Epix’s new crime drama boasts a fantastic cast and an intriguing blend of gangland theatrics and period radicalism.
This recap of the Godfather of Harlem (Epix) Season 1 Premiere contains spoilers.
It’s the cast, I think, that elevates Epix’s new crime drama, based on the exploits of real-life heroin peddler Ellsworth “Bumpy” Johnson, into something that is likely to become a major hit. Forest Whitaker plays Bumpy, fresh from an 11-year stretch in Alcatraz, returning to a Harlem he scarcely recognizes. Nigel Thatch, reprising his role from Ava DuVernay’s Selma, plays revolutionary Muslim minister Malcolm X. Giancarlo Esposito is silver-tongued Baptist pastor Adam Clayton Powell Jr., and Vincent D’Onofrio is flagrantly racist Italian heavy Vincent Gigante. Most of the Godfather of Harlem Season 1 premiere was spent watching these fine actors dual in the glare of headlights amongst dilapidated project towers, where the heroin they’re fighting over is wreaking havoc among the already downtrodden populace. Whenever the show talks, you can’t help but listen.
And it’s talking about more than your average Mob melodrama, though there’s plenty of room for that kind of thing too. But the early-60s setting isn’t just for show. It crams real people into real places from Harlem history and has them exchange civil rights rhetoric with measured intensity. These actors only play one character each, but all embody many roles. Whitaker, as the lead, has the most difficult job, having to balance menace with repressed trauma and guilt over his own product ravaging the streets he unashamedly cherishes — and the people he considers himself one of. He’s a loving husband to his wife, Mayme (Ilfenesh Hadera), and a devoted father, but also a hardened criminal who isn’t above taking a razor to a made man for trying to have him killed.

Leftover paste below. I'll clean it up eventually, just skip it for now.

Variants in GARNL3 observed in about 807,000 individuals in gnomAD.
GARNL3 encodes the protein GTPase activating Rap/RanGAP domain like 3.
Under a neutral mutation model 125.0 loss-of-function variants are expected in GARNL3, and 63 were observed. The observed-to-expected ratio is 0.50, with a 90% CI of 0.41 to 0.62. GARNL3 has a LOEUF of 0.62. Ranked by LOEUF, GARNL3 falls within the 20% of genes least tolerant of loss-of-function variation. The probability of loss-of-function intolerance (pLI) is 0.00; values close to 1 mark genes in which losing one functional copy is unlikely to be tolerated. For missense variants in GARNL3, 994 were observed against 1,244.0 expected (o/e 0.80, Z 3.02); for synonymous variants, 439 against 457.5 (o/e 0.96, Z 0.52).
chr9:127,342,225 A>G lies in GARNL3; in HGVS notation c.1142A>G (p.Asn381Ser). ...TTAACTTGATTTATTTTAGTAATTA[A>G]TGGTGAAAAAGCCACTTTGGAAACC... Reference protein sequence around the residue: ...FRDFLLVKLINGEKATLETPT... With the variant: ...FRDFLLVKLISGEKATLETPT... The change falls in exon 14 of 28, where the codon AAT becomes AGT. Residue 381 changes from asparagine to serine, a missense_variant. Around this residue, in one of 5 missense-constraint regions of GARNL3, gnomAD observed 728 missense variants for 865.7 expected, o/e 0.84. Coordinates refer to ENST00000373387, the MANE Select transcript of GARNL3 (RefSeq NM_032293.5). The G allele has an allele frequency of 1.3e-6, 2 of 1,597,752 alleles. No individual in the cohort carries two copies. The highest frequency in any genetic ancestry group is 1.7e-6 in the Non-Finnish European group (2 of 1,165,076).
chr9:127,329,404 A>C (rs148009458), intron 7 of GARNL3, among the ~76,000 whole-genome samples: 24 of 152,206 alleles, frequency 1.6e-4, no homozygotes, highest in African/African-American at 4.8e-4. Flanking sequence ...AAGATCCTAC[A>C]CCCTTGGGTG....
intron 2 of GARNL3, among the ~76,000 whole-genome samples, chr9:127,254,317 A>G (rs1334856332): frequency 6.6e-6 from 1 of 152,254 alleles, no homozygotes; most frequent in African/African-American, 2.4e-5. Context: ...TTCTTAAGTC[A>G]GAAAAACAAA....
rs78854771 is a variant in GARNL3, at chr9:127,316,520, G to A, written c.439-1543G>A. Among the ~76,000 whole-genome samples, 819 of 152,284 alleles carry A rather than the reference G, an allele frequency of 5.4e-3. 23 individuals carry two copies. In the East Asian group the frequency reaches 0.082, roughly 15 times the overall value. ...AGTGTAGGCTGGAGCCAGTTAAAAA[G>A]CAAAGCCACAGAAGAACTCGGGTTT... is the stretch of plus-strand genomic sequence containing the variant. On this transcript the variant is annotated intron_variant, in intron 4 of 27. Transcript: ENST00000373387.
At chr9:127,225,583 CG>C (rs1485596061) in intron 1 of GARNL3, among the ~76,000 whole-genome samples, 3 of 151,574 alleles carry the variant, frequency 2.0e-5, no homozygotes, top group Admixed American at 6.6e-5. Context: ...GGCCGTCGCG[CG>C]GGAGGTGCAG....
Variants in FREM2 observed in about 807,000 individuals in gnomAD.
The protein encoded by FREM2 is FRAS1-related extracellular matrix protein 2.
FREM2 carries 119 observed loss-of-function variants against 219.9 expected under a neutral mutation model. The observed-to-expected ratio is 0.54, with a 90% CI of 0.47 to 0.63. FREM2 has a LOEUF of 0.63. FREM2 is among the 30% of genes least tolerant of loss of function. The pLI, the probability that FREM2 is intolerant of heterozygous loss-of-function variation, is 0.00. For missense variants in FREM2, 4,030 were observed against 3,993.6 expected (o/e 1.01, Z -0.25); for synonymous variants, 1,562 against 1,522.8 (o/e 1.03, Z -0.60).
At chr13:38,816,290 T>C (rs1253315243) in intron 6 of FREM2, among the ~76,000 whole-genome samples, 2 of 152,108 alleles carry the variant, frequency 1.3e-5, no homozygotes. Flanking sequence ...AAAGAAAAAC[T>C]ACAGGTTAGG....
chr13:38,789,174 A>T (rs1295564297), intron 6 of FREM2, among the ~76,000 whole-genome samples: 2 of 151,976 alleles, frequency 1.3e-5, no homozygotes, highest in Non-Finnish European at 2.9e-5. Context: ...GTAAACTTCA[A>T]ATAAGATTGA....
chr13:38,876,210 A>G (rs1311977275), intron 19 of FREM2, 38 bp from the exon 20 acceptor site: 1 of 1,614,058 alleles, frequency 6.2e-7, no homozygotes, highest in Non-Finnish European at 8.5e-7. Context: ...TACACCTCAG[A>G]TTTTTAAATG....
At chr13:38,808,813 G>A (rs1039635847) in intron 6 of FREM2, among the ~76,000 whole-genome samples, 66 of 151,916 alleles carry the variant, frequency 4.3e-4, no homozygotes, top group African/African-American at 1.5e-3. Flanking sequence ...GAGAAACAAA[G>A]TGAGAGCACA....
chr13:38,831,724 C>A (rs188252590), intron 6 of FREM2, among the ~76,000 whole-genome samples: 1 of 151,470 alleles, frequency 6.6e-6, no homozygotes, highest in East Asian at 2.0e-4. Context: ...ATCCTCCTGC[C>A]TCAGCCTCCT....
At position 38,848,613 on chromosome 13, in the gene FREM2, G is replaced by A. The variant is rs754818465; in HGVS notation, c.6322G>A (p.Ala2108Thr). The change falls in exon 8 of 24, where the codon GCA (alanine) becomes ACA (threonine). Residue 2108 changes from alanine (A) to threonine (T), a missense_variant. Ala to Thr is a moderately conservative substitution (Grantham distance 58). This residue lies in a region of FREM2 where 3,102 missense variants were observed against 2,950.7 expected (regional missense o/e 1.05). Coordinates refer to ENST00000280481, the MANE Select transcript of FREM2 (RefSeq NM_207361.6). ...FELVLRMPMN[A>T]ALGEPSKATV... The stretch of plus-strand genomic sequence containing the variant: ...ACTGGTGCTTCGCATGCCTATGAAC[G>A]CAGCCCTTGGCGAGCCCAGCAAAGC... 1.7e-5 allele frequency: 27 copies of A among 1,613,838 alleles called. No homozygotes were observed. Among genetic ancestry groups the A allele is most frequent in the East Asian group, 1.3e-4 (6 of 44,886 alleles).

In Bumpy’s absence, Harlem has been taken over by Italian crime families, of which Gigante is a proud member. Much of the Godfather of Harlem premiere is taken up with the escalation of his rivalry with Bumpy, and a subplot in which his wayward daughter Stella (Lucy Fry) absconds with a black musician and a pack of heroin. The show has odd elements like this, and a towering torturer nicknamed Big Dick Buster (Hank Strong), who rapes information out of male captives, which feel like transplants from a different show. Sometimes that wavering of tone can be a bit distracting. But it’s all held together by the tightly reined-in performances and the expensively-rendered period aesthetic, and I suppose the ballsiness of having 60s radicalism be more than just subtext in what is otherwise a genre piece aimed quite squarely at genre fans.
There’s something about all this jumbled-up historical-fiction that I really admired. I like the feeling of genuine surprise that comes from an unexpected deviation or a fresh twist on an old idea. I like the knowing sense of admiration that she show seems to have for the real-life figures it recreates, such as when a humble shoeshine man comments on how great it is just to watch Malcolm X and Adam Clayton Powell argue in the street. And I like that the nostalgia isn’t just limited to place and time, but also the show’s formal influences, including its namesake, which gets some explicit nods of homage here and there that are a pleasure to spot. Godfather of Harlem might not be as revolutionary as its subject matter, but its a very good version of exactly what it wants to be. And sometimes that’s quite enough.
Jonathon is the Co-Founder of Ready Steady Cut and has been Senior Editor and Chief Critic of the outlet since 2017.